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Landlubber Mike

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About Landlubber Mike

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    Landlubber Mike
  • Birthday 08/17/1973

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    Washington D.C.

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  1. Bob, I use micro mesh pads when turning pens. After applying a CA finish, I'll wet send with the micro mesh pads starting at the first pad and going to the last pad. Now, I'm usually using the pads while turning on a lathe, but I would note that (1) I don't press very hard, but let the pad do the work, and (2) the grit levels on the pads is not comparable to sandpaper grits. So, for example, 1500 micro mesh is actually a lot coarser than 1500 sandpaper. On pens I can start with 1500 because the CA is a lot harder than paint. If I was going to use them on a paint or thin finish, I'd probably look to start at a higher pad.
  2. Looks great! I like how you mentioned you've done a little work on it, and you're pretty much done
  3. Grant, exceptional work! Thank you for sharing - I'll be bookmarking your log for when I start mine. Sorry for a slight diversion from your log, but I noticed you mentioned the Vallejo Metal paints. I haven't had any problems with the Gloss Black primer thus far, though I noticed that it tends to dry in the airbrush fairly quickly. I haven't had to paint much with it so haven't tried using Flow Improver yet. I really like the Metal Color paints though, which spray very nice and clean quickly in the airbrush compared with the Model Air line. For the Metal Varnish, is it worth using? I am coming up on painting aircraft bodies using Metal Color aluminum. I was probably just going to use Future to coat for decals, and then spray with a semi-gloss varnish.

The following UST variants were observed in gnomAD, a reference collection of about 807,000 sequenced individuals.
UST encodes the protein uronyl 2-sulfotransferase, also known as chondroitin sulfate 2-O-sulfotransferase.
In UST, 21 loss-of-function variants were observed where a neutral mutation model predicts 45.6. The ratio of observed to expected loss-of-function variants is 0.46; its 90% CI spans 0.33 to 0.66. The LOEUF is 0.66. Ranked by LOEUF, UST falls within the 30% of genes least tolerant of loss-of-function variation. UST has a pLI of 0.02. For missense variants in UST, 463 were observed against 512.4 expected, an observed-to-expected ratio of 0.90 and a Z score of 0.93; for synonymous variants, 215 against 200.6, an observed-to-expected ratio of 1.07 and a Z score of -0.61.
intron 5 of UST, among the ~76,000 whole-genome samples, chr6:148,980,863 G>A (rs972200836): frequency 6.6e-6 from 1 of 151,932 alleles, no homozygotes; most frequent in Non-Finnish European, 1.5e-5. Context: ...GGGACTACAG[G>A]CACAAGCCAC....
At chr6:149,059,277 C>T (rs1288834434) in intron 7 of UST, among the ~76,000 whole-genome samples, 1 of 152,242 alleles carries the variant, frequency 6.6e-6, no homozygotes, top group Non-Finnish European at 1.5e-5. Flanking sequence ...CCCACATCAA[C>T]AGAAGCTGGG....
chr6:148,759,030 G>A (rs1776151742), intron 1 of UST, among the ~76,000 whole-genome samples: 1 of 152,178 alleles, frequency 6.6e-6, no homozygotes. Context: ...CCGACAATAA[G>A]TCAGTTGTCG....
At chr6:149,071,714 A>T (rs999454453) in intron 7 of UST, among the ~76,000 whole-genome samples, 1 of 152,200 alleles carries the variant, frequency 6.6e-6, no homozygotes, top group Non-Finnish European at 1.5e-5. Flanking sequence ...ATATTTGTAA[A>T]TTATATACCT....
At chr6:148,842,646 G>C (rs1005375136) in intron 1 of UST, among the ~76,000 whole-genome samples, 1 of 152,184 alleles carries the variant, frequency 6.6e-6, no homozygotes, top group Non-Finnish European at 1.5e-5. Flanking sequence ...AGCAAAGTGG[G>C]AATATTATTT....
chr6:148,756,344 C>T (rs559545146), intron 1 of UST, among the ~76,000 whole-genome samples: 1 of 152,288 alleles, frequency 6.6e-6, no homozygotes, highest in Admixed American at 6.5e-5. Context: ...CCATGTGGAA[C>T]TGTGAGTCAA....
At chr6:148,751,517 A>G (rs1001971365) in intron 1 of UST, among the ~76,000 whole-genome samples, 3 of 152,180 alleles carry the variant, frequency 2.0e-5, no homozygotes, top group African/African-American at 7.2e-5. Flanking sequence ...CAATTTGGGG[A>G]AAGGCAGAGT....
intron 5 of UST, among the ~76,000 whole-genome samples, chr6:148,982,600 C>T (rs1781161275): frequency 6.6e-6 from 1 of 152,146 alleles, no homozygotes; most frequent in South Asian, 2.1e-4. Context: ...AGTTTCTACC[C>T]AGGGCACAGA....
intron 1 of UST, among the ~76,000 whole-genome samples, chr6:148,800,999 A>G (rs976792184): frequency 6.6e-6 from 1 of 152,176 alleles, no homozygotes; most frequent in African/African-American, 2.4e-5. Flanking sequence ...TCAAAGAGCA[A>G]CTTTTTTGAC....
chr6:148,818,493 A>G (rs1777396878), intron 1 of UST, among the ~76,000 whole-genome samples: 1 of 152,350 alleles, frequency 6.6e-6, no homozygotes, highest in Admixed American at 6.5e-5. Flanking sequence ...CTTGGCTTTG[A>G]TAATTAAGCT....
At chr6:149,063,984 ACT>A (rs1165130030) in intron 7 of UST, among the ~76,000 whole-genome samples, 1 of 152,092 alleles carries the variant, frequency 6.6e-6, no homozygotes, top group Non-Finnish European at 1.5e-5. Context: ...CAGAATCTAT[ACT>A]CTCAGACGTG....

4. It's probably hard to make out in the pictures, but there is a bar that attaches from near the firewall to the tops of the suspensions. Interestingly, the kit part didn't include long enough bars so I had to replace them with longer rods. Interesting info about the suspension of these cars! The upholstery seems to be used in the "Dolly" models in the mid-80s (this kit is the Dolly version). I believe these cars were marketed primarily to women with the two toned body colors, but maybe they also had to add more comfortable seats than the traditional fabric draped over a steel frame. Here are a couple of interior shots for Dolly versions that I found online.
  5. I've been fitting in some work on the Citroen over the last few weeks while primarily working on the F3F builds. I've got the chassis set up with the engine, and have a lot of the other assorted parts painted. Just need to start putting things together. I think I shared some of the pictures before, but here are some current ones. I've used light and dark grey washes to break up the solid sections of black, and brown washes to add depth to the seats and interior. I'm wondering about doing that for the body of the car too. If I do, it will have a different look than a "showroom new" model, which I think I'm fine with. The Tamiya dark yellow looks nice, but kinda plastic. I was originally thinking of spraying on a few layers of gloss clear coat and then buffing it to a nice shine, but I'm not sure that would really fit with this kind of car. So, I might just add washes and then use a semi-gloss or gloss clear coat and call it a day. I have some other car models where a buffed out clear coat would be a lot more appropriate. One part of the kit that I've been thinking about modifying is the grill. The instructions have you painting it black and picking out the gratings and frame in grey. What I'm thinking of doing is actually cutting out the plastic between the gratings so that it looks more realistic. Could be a disaster, but I might as well try. I have some generic PE grills from Modelcargarage.com that could be a last resort if it's not working out. The piece is a bit thick, so it might be a little tricky. I'm thinking of using my micromotor to route out as much as possible, and then use an X-acto to clean things up.